Primitives - The undefinite integral.

Definition 8.1.1   Let $ f$ and $ F$ be two functions defined on the same interval $ I$ . We say that $ F$ is a primitive of $ f$ on $ I$ if $ F$ is differentiable on $ I$ and $ F'=f$ .

Example 8.1.2   The sine function is a primitive a the cosine function.

Theorem 8.1.3   Let $ f$ and $ F$ be two functions defined on the same interval $ I$ . If $ F$ is a primitive of $ f$ on $ I$ , then the functions $ F+C$ , with constant $ C$ , are all the primitives of $ f$ .

This is a consequence of Lagrange's theorem (v.s. 8.5), via the following proposition:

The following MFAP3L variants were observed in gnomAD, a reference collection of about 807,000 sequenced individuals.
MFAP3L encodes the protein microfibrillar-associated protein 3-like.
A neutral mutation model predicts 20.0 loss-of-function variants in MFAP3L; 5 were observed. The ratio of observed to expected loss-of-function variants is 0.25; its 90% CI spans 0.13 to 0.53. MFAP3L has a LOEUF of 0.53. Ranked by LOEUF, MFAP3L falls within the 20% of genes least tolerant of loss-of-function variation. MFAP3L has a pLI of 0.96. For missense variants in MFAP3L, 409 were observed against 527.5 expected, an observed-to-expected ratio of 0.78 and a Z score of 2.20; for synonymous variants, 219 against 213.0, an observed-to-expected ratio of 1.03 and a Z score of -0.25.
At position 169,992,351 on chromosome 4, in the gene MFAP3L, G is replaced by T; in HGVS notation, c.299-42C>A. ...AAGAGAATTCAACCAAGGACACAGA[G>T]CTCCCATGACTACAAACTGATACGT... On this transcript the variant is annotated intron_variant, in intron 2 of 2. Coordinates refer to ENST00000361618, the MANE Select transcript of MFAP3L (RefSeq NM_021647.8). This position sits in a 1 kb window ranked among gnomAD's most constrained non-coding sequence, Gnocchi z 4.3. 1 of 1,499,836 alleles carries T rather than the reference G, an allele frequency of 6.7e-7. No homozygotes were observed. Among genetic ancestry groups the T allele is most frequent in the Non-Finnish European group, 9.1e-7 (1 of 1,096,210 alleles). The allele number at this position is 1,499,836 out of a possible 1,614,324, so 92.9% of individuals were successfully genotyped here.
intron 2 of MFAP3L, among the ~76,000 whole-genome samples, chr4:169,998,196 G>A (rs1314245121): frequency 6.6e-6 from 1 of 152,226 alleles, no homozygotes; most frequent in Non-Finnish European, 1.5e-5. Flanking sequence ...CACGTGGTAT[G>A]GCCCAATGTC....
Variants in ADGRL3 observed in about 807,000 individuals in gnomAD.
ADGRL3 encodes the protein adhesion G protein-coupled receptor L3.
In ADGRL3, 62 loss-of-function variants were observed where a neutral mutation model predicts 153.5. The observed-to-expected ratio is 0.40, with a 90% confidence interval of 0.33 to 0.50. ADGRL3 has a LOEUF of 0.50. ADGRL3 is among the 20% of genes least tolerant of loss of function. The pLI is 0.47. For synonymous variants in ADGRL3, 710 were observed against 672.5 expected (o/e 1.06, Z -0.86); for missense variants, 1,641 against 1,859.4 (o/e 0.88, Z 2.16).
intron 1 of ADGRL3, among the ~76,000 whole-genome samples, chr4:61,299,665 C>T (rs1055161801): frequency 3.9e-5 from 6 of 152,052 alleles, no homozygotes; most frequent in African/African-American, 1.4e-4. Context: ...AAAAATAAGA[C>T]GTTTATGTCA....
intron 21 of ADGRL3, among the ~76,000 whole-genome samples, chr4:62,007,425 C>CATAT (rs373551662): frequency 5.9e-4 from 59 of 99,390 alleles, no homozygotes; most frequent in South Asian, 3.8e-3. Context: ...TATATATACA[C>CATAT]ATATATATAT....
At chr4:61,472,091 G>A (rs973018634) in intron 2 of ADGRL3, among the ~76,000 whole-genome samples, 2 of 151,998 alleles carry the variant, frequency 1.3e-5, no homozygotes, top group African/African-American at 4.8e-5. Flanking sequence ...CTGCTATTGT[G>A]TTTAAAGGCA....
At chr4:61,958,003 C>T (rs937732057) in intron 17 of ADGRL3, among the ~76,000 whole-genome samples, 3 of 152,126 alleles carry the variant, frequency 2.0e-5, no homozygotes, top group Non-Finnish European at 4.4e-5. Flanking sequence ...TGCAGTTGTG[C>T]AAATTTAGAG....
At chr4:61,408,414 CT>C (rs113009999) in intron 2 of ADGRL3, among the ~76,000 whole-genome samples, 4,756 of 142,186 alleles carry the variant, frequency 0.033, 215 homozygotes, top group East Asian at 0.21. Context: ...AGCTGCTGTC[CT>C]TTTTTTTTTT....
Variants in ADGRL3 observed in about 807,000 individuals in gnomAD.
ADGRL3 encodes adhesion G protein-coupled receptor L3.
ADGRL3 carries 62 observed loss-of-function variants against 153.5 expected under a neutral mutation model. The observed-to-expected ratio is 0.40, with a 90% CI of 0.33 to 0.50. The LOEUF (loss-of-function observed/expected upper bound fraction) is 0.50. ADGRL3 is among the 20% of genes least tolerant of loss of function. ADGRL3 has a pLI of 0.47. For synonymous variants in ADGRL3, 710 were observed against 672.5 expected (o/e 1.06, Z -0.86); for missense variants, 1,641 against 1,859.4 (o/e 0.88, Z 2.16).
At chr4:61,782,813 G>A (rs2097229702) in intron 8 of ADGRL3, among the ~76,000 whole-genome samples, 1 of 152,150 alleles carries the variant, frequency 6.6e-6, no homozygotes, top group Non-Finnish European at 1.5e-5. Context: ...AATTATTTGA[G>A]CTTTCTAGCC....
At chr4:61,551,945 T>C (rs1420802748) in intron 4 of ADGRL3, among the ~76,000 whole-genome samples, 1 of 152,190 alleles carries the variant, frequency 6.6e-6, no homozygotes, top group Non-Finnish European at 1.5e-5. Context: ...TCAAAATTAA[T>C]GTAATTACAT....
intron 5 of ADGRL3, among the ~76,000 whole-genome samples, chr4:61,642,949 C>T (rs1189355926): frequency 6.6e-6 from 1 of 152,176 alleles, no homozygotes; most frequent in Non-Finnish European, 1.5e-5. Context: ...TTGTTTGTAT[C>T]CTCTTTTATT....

Proposition 8.1.4   Let $ f$ be a function, differentiable on the interval $ I$ . If for any $ x \in I$ , $ f'(x)=0$ , then $ f$ is a constant function on $ I$ .

We denote all the primitives of a given function $ f$ by the undefinite integral:

$\displaystyle \int \; f(x) \; dx$    

You can compare the following theorem with Thm 4.4.

Theorem 8.1.5 (Table of usual primitives)  

$ f(x)$ $ \int f(x) \; dx$ conditions
$ k$ 0     
$ x$ 1     
$ x^{\alpha}$ $ \frac {1}{\alpha +1} x^{\alpha +1} +C$ $ \alpha \in \mathbb{Q}-{-1}$ , $ x>0$ when $ \alpha \not\in \mathbb{Z}$
$ \frac {1}{2\sqrt{x}}$ $ \sqrt{x} +C$ $ x>0$
$ \frac 1x$ $ \ln x +C$ $ x>0$
$ e^x$ $ e^x +C$     
$ \cos x$ $ \sin x +C$     
$ \sin x$ $ -\cos x +C$     
$ \cosh x$ $ \sinh x +C$     
$ \sinh x$ $ \cosh x +C$     
$ \frac {1}{1+x^2}$ $ \arctan x +C$     
$ \frac {1}{\sqrt{1-x^2}}$ $ \arcsin x + C$ $ -1 < x < 1$
$ \frac {1}{\sqrt{1-x^2}}$ $ - \arccos x + C$ $ -1 < x < 1$

Noah Dana-Picard 2007-12-28